Effects of mercury on the immune system

Little is known about the principal mechanism by which mercury affects the immune system. An effect on the selection mechanisms in the thymus has been suggested, allowing potentially autoreactive cells to escape into the periphery. A direct mitogenic action on lymphocytes seems to be well established and could result from the chemical effects of this heavy metal on some cell membrane components, such as calcium channels, or direct action on nuclear proteins. Other possible mechanisms would be increased expression of major histocompatibility complex (MHC) class II molecules on cell surfaces, with consequences for antigen presentation, or alterations of surface antigens into immunogenic forms. A well-documented toxic action might cause release of cellular proteins inducing autoimmune reactions.

Mercury has an affinity for SH-groups and may interact with enzymes and other cellular proteins. In several species (such as humans, guinea pigs, rats, mice and rabbits) in vitro culture of lymphocytes (from blood, thymus, lymph nodes or spleen) in the presence of mercuric chloride results in blast transformation and increased mitotic activity. At least in human and murine lymphocytes increased DNA synthesis and mitotic activity is found after treatment with concentrations of mercury compounds close to toxic levels. In BALB/c mice the mitogenic effect seemed to be macrophage dependent. In humans, the responsiveness was reported to increase with age. In guinea pigs, thymocytes from newborn animals were the most easily stimulated by mercury, whereas in older animals spleen cells responded better. In BN strain rats, mercury induces proliferation of both T helper and B lymphocytes in peripheral lymphoid organs, and over-production of different immunoglobulin (Ig) isotypes, preferentially IgE. An early thymic atrophy and increased lymph node weight are also seen.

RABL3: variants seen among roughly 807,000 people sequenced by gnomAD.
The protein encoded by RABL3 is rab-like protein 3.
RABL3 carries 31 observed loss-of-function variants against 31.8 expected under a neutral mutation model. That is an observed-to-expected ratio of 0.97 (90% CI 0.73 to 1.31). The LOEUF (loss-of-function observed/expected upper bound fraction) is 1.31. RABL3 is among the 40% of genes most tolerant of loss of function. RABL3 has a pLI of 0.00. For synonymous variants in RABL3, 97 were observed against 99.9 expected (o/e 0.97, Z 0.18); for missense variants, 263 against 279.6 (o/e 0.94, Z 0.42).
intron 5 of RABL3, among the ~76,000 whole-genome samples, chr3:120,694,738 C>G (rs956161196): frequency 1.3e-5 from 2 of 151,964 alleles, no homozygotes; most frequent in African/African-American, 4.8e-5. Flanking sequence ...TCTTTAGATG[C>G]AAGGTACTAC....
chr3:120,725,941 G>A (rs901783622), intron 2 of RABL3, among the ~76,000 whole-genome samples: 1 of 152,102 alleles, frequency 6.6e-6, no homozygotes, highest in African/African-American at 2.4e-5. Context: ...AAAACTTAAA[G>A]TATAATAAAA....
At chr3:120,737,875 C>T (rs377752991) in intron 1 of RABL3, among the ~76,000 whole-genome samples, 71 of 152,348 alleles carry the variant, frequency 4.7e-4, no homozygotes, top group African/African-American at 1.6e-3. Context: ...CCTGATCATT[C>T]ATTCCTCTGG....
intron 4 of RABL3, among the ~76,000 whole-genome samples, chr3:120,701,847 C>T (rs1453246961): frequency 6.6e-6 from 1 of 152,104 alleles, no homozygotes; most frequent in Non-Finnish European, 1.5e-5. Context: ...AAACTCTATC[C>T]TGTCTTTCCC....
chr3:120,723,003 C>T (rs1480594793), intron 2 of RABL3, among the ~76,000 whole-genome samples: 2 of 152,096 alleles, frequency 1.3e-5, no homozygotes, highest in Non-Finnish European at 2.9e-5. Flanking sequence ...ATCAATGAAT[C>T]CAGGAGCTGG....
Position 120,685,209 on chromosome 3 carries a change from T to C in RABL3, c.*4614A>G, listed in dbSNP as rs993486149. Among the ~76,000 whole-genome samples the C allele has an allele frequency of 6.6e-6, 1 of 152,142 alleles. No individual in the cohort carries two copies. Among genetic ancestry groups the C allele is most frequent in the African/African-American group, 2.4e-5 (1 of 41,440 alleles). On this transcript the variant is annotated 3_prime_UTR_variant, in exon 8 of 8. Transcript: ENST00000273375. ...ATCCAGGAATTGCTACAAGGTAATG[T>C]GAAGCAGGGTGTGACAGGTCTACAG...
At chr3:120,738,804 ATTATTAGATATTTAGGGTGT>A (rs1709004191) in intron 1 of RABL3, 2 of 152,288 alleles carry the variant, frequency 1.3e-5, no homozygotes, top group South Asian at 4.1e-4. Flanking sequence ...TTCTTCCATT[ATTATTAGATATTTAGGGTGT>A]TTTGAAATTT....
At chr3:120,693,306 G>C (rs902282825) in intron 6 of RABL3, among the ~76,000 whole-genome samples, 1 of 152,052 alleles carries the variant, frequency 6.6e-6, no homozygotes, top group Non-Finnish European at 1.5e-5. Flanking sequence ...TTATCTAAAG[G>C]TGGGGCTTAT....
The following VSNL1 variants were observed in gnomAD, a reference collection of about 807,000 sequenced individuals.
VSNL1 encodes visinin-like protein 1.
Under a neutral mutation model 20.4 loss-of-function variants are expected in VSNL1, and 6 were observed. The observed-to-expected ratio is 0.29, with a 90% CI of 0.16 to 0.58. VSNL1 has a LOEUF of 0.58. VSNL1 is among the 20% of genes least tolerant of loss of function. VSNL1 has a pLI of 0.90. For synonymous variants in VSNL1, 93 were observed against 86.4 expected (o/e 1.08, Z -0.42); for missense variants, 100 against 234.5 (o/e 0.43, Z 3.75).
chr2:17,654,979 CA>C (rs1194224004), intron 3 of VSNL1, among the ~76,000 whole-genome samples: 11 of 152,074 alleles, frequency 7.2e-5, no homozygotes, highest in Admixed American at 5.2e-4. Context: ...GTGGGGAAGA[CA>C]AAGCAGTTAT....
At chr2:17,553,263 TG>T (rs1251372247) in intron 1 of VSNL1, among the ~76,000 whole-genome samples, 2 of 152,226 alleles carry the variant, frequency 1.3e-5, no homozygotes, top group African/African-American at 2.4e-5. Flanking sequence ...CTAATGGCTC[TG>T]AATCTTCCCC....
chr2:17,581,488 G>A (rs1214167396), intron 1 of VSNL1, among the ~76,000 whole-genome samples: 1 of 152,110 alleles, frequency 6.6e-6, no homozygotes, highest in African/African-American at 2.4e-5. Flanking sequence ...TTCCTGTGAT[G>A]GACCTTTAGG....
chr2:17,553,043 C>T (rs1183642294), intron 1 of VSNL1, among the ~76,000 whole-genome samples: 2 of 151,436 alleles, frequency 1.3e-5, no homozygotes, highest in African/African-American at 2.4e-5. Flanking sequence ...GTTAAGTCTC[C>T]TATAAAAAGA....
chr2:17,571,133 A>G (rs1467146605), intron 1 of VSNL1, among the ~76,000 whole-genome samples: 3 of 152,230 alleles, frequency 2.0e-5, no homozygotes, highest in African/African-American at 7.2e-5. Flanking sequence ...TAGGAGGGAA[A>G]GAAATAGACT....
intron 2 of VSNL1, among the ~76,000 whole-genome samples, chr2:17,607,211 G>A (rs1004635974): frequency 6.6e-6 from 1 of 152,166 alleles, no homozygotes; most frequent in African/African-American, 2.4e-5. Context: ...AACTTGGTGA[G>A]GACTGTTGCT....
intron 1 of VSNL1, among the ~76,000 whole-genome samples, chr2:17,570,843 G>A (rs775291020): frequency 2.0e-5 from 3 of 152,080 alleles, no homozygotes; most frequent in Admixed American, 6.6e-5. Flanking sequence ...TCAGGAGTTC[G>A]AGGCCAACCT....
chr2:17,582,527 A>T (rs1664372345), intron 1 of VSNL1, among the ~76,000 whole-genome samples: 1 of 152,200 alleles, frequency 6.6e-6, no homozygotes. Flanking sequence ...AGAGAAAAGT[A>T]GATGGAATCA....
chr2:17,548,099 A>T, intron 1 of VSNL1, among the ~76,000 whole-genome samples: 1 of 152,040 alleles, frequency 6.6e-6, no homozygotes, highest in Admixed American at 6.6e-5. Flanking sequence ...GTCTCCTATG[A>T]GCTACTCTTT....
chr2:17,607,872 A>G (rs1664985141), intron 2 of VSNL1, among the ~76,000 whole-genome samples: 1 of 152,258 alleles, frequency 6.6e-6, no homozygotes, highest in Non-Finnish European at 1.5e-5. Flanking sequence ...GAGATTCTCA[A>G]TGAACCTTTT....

As shown in BN rat spleen cells, the effects of mercuric chloride are associated with increased production of interleukin 2 (IL-2). In accordance with in vitro results, individuals occupationally exposed to mercury have an increased absolute number of T lymphocytes which correlated with the time of exposure. Of particular interest are the different effects of mercury on T helper cells, T suppressor cells and B cells, obviously of importance in understanding the imbalance of the immune system after such treatment. In BN rats, autoreactive T helper cells were initially induced by mercury, and later the appearance of T suppressor cells was demonstrated. These latter cells may be responsible for the self-limiting nature of this autoimmune response. Mercuric chloride is responsible for inhibition of suppressor T cells in PVG/c rats, which develop immune complex glomerulonephritis and antinuclear antibodies. In contrast, in LEW (Lewis) rats, MRC OX-8 1 cells (suppressor cells) are increased and associated with immunosuppression. These suppressor cells are possibly responsible for mercury-mediated protection against experimental allergic encephalomyelitis in these animals. It seems that in nonresponding strains there is no proliferative response among T helper cells.

In some studies, very low levels of methylmercuric chloride or mercuric chloride inhibit RNA and DNA synthesis, mitogen responses and immunoglobulin production. They furthermore cause downregulation of some receptors, reduced viability and signs of apoptosis. It has been reported that different immunoglobulin isotypes are differentially affected, IgGl being the most easily inhibited. Methylmercuric chloride and, to a lesser extent, mercuric chloride also may inhibit activation of mouse (BALB/c and C57BL) lymphocytes, both by mitogen and by MLC stimulation. In guinea pigs, in vivo experiments with mercuric chloride resulted in inhibition of thymocyte proliferation (as in Wistar rats) but at the same time decreased negative selection, possibly resulting in formation of an increased fraction of potentially autoimmune cells.

The mechanism by which mercury causes these effects is not known. According to studies with mouse (strain ddY) lymphocytes, methyl mercury increases intracellular Ca2+. It was also shown to be incorporated into lymphocyte nuclei and to increase phosphorylation of nuclear proteins. Some evidence indicates that interaction with immune function is due to inactivation of glutathione. Antigen-specific sensitization to mercury can occur in both humans and experimental animals. BALB/c mice are readily sensitized to mercury by epicutaneous exposure. Certain inbred guinea pig strains can also be sensitized to mercury.

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